Tuesday, July 26, 2016

politics, musicals, and compromise

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"You can't always get what you want."

A true statement and a great Rolling Stones song that was oddly used by one of the political conventions. Which is weirdly appropriate, because it is a GIANT understatement when it comes to politics. Especially this election year.

"You can't always get what you want."

Anyone who has lived past kindergarten has figured this out the hard way.

At some point most of us learn that to move forward in life, we have to compromise. Sometimes it's not that hard, like choosing between hamburgers and hot dogs at a cookout when you'd hoped there would be steak. Sometimes it's only a matter of giving up some minor standard or even choosing "none of the above", like refusing cake at a party because it's commercial cake from a grocery store bakery and we prefer only scratch cake made with pastured butter, free-range eggs and gluten-free locally-milled einkorn flour.

But sometimes we have to choose between A and B when we don't like either option and a choice HAS to be made. Maybe A and B are actually totally appalling to us and we'd really like to choose C or D but they aren't that great either and actually don't stand a chance in hell of happening. Sound familiar?

We don't always understand why it has to be this way and we definitely don't like it.

We get tired of all this compromising. We get tired of having to deal with nuance and complexity, of having to think so hard and negotiate constantly, of seeing what we perceive as "the other guy" getting what he wants while we constantly get what we consider second or third best or, worse, the shaft.

We want life to be easy. We want to make an old-fashioned John Wayne-like stand and defend it, make our choice and stick with it come what may. Even if we aren't in control, we want to at least FEEL like we are.

I know that's what a lot of people want. Because that's what I want. Because I think that's basically what most humans want.

But the older I get, the more I realize something. And I hate to break it to you, but you need to realize it too:

Life is all about nuance and complexity and compromise.

Actually, anything that has any value is all about that. For example, if you've ever married another person and managed to stay married to them for more than six months, you are already pretty darn familiar with this fact.

Sometimes it sucks and it's hard and it's unappealing and it's dirty and it's annoying and it sometimes makes us feel gross. But it's necessary. And it's just a fact of life.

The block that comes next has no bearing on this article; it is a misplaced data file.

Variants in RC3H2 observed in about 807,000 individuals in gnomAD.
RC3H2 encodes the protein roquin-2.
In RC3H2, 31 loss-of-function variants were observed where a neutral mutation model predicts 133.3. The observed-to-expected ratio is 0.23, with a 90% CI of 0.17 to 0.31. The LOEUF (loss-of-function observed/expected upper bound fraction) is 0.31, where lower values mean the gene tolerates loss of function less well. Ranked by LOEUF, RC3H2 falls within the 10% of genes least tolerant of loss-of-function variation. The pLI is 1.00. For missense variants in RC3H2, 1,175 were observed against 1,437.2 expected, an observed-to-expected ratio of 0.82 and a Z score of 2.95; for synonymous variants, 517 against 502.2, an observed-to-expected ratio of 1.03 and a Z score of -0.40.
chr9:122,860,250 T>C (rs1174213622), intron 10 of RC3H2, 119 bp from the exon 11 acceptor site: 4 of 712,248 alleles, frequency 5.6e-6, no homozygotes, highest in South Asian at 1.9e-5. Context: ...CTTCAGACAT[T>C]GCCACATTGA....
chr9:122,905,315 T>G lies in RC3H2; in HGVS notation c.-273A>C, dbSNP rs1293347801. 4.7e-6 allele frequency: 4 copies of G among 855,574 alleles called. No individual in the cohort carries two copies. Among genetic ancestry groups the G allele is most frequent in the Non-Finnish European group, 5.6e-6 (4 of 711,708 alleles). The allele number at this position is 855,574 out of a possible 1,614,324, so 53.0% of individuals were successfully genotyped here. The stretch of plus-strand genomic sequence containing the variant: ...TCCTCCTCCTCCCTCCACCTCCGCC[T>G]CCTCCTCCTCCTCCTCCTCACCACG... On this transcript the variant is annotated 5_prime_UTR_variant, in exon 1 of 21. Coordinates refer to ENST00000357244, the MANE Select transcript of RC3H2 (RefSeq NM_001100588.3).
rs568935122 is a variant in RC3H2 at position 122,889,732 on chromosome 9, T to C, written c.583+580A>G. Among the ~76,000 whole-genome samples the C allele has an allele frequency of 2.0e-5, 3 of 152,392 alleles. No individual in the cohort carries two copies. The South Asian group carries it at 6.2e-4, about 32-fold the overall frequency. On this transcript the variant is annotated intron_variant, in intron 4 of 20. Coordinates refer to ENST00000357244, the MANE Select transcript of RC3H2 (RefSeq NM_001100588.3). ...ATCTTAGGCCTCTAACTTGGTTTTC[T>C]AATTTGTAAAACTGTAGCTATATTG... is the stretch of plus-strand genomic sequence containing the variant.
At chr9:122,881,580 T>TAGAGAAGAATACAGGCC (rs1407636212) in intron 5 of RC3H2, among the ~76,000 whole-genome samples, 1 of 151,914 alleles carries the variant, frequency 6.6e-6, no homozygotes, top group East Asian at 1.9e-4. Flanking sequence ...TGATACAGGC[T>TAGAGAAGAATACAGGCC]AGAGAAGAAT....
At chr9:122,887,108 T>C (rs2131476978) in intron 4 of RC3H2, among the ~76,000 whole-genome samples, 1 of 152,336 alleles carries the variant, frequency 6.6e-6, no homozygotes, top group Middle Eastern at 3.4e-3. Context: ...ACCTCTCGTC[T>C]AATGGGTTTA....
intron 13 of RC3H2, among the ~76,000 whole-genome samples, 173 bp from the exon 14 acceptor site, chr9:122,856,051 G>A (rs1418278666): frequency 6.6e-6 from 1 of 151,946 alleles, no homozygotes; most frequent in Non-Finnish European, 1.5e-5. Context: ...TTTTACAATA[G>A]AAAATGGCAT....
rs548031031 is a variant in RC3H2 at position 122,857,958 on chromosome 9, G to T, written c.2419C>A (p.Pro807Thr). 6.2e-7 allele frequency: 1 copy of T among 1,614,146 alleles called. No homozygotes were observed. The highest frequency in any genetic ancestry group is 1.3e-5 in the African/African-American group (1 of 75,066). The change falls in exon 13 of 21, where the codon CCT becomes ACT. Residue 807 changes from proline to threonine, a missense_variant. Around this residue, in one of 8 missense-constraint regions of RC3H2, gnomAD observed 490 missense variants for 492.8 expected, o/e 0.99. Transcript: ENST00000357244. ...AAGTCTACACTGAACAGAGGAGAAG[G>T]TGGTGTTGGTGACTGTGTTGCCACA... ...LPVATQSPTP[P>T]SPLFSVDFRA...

Another fact: Our great country is all about nuance and complexity and compromise, too.

It would be oh-so-nice if things could just be cut and dried, nice and easy, everyone could get along, etc. If there were no hard choices, no hurt feelings, no anger, no disagreement, no alienation, no being offended, no name calling, no harsh words, no .... you get the picture.

It would be especially nice if this election year was about choosing between two amazingly perfectly impressive candidates to lead our country into an amazingly perfect direction. Or even between one obviously amazingly perfect candidate and one obviously ridiculously imperfect one. But for most people, the choice isn't that simple.

And if you hearken back to some day when life was cut-and-dry and choices were simple - shocker! There has never been any such time. Not ever. Not when we left it to Beaver. Not when somebody's father thought they knew best. Not when there was a chicken in every pot. Not even in a little house on a prairie. And most especially not when this great country was being founded.

Maybe you've heard about the musical "Hamilton." If you don't know about it, I forgive you for not following musical theater and will give you a minute to Google it.

The musical is about one of our "forgotten" Founding Fathers, Alexander Hamilton. If you don't know who that is... who am I kidding, if you are reading my blog, you know who Alexander Hamilton is. Yes. You do. If you need to Google him, go ahead. We'll wait.... See, you did know who he was, you just needed a Wikipedia reminder and a $10 bill.

So anyway, I wrote my junior US History thesis on Alexander Hamilton a billion years ago. I should be able to tell you all about him. But honestly, my retention isn't all that good. It took listening to the musical "Hamilton" to really understand what I learned about him all those years ago, to get him, and as a result, to get a better idea of what the founders of the United States must have been like.

The leaders who fought and died to create this Grand Experiment were not perfect or holy or omniscient. They did not look like the portraits we see in text books and museums. They were not working from some boilerplate handed down from on high. They did not all agree. They did not have it all figured out.

To make this country happen, they had to make peace with "You Can't Always Get What You Want." (It should probably be on a monument somewhere, but it's just not very inspiring...)